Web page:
Cudahy community center suffers computer theft

By Alfredo Santana

Contributing Writer

CUDAHY — Robotic and coding classes for children at the Cudahy Tech Center are in jeopardy following the theft of all laptops from the computer lab inside the Lugo Park Community Center New Year’s Eve. 

Apparently, the burglars first targeted the center on Dec. 30, when an employee surveying the city-owned building found that the lock of a side door to the left of the main entrance had been tampered with. 

However, since nothing else was missing, the employee failed to report it to supervisors or to the police. 

The following day the computer lab was ransacked.

Emma Hernandez, CEO of Southeast Community Development Center, the nonprofit that operates the computer lab, said the lost equipment has a value of $25,000 to $30,000. 

The list of missing items includes 14 laptops equipped with software to code robotics, a special wheeled cabinet and two large flat TVs used to display the students’ work.

All the laptops were also used for computer literacy classes for children and adults.

“Kids open up baking soda, use baking powder to do engineering projects,” Hernandez said. “They mix things and make things happen. Our organization has been doing robotics for the last 12 years.” 

In addition, printer toners and office supplies were stolen, but according to Hernandez the burglars left behind expensive tablets used to assemble robots, likely because they ignored what they are good for.

According to Cudahy Councilwoman Elizabeth Alcantar, the site was hit on New Year’s night. 

“It’s not typical to have security 24/7, other than L.A. County sheriff’s deputies,” said Alcantar in reference to police services rendered. “The investigation is still ongoing.” 

Once Hernandez and staff tallied the stolen goods, Cudahy and county Supervisor Janice Hahn donated $5,000 each to support their replacement. 

And in the spirit to recover from the setback sooner, Hernandez and community leaders held a fundraiser Jan. 15 at the park, where those attending donated $10 for a meal that included hamburgers, chips and sodas. 

Alcantar and Maywood Councilman Eddie de la Riva sponsored the fundraiser. 

At the end of the event, Hernandez collected $160 in cash and $680 in online donations from residents in Cudahy, Bell and some from as far away as Hacienda Heights.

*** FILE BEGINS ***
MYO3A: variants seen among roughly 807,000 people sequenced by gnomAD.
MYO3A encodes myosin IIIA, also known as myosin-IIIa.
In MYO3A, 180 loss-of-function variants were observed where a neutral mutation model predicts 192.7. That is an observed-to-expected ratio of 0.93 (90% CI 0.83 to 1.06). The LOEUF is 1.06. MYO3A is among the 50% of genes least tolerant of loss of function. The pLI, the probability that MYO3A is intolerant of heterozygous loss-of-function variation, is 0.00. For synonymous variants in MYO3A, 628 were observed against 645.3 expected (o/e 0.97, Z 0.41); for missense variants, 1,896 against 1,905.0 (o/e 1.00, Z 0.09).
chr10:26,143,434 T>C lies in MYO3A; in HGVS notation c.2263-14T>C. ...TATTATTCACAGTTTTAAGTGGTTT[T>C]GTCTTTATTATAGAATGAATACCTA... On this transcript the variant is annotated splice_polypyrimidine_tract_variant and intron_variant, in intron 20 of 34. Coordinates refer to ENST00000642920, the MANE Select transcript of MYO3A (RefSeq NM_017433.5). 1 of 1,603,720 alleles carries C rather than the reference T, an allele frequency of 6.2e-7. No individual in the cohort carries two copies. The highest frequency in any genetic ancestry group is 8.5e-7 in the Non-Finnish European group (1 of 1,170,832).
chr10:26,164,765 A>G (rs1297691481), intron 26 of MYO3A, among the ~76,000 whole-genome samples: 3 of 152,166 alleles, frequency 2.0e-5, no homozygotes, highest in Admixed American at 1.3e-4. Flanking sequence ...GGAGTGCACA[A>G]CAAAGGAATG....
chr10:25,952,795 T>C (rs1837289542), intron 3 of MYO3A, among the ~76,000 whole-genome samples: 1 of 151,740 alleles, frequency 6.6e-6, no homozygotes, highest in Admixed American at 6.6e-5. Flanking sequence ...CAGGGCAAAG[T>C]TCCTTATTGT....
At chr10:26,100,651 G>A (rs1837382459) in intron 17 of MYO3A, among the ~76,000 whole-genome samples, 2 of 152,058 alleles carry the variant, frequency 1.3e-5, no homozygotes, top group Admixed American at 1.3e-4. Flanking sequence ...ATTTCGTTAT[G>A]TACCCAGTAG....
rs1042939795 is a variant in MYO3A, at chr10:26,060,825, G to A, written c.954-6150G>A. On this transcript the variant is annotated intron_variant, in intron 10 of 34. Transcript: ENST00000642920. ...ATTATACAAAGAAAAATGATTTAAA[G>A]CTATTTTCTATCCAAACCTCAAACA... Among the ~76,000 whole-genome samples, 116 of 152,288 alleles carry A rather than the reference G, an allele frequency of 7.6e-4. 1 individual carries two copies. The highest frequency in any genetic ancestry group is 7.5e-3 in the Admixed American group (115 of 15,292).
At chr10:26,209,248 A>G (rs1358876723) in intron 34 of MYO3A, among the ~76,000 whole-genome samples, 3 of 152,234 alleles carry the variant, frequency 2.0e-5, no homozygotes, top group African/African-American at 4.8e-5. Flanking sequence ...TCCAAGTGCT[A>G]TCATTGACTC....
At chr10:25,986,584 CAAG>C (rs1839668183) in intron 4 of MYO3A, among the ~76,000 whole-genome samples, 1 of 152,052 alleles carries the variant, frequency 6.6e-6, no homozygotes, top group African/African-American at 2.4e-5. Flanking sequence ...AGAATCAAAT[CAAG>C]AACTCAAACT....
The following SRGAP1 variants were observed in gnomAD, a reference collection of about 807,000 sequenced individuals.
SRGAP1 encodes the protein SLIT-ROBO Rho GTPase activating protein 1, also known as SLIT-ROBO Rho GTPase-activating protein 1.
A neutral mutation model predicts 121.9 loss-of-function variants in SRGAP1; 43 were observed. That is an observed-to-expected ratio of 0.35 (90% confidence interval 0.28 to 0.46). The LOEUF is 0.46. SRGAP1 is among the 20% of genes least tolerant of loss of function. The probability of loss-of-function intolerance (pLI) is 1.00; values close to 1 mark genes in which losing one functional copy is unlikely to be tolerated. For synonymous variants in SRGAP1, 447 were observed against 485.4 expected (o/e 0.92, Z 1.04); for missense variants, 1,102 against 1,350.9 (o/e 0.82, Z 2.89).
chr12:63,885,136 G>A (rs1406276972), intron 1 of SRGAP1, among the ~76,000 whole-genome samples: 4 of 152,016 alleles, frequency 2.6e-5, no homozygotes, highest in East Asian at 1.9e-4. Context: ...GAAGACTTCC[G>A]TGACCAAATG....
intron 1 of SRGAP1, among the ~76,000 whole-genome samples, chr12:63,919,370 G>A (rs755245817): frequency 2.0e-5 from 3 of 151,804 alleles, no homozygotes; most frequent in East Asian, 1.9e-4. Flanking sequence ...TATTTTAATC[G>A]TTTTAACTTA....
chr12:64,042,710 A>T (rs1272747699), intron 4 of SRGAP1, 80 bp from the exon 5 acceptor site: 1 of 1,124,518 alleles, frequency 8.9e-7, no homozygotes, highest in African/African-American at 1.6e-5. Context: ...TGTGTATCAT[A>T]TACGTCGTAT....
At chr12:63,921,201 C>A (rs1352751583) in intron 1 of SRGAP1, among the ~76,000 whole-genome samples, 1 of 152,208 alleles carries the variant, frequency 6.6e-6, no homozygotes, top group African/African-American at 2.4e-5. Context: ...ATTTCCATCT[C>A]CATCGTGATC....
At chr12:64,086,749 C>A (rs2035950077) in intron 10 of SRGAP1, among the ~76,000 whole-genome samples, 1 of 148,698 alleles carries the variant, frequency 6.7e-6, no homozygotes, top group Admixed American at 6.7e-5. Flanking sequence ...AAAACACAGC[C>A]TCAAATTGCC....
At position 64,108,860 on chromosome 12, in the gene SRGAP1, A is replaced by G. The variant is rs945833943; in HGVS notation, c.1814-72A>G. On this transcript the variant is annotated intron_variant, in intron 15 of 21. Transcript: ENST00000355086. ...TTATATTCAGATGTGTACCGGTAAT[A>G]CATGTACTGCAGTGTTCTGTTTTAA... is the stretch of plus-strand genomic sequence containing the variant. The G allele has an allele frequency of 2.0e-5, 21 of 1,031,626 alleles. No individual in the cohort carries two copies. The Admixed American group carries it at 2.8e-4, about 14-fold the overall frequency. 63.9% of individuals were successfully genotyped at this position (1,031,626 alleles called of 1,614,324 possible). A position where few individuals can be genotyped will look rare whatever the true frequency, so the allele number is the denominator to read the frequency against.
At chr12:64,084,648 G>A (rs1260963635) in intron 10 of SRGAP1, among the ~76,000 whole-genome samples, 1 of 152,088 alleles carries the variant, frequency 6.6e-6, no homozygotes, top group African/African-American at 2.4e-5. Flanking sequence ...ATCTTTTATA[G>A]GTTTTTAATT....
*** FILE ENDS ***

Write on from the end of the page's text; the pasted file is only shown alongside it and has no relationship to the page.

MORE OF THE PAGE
While the community reels from the theft, students like Cristina Zaldivar and her sister Sofia agreed the burglary threatens the robotics studies. 

Both elementary school students attended last summer’s tech workshops at the computer lab and formed tech teams alongside other students to learn how to use computer circuits, coding with lights, assemble Lego robots and be part of other science, engineering and math projects. 

In 2023, the sisters looked forward to reunite with friends and take on more challenging projects as part of the Lego Challenge League, a combination of coding skills applied to in-house built-in robots competing among teams. 

“There’s been a lot of work going into that program,” said Sofia amid the cacophony of sounds from DJ Shneaky, who donated two hours of music in support of the fundraiser, and adults plotting how to better protect the center and the community from criminals. 

“We had to code in Java,” Sofia said. “But when the computers were stolen, we couldn’t do that anymore. We are waiting for the computers to be replaced to start coding again.”

Before the break-in, a lineup of diverse after-school classes were scheduled for Mondays through Thursdays from 2:30 to 4 p.m., and from 4 to 6 p.m. 

They entailed homework help for second to fifth-grade students, mad science labs using research methods where kids make bottle rockets and slime, Coding 2 and basics of robotics. 

Although the Southeast Community Development Center carries liability insurance, Hernandez said the coverage does not account for salaries the nonprofit already arranged to pay to four instructors from a fellows program at Cal State Los Angeles and one supervisor.

“These people need to pay their bills and we don’t want to lose them to do the training,” she said. 

A surveillance camera inside the lab captured portions of the incident, but the burglars tampered with the alarm and unplugged the device, Hernandez said. 

The police are working with the video security company to access the recording and try to identify the culprits. 

Despite the lab’s main door lock was not vandalized, the burglars deactivated an entry alarm and sensors protecting big glass rectangles near the door. 

A cigarette butt left on the scene is being analyzed by a forensic team, Hernandez added. 

“This nonprofit set up this computer lab so that young people here in Cudahy and across Southeast LA could have the same opportunities that students in wealthy communities have,” Supervisor Hahn said in a statement. “This burglary was a setback, but I hope that with these grants and the support they are receiving from the community, we can get the Cudahy Tech Center back up and running.” 

Lugo Park Community Center is a one-story facility that also hosts a church, and is used to store equipment for maintenance. It faces a soccer field, a large brick-and mortar canopy with tables and benches for people to host picnics and children slides.  

In the wake of the theft, Cudahy Mayor Daisy Lomeli said the city is teaming up with Hahn for a matching contribution to replace the stolen items. 

“We are grateful for the SCDC’s work in our community and look forward to supporting them to resume tech classes because we know our youth are worthy of these opportunities,” Lomeli said. 

       
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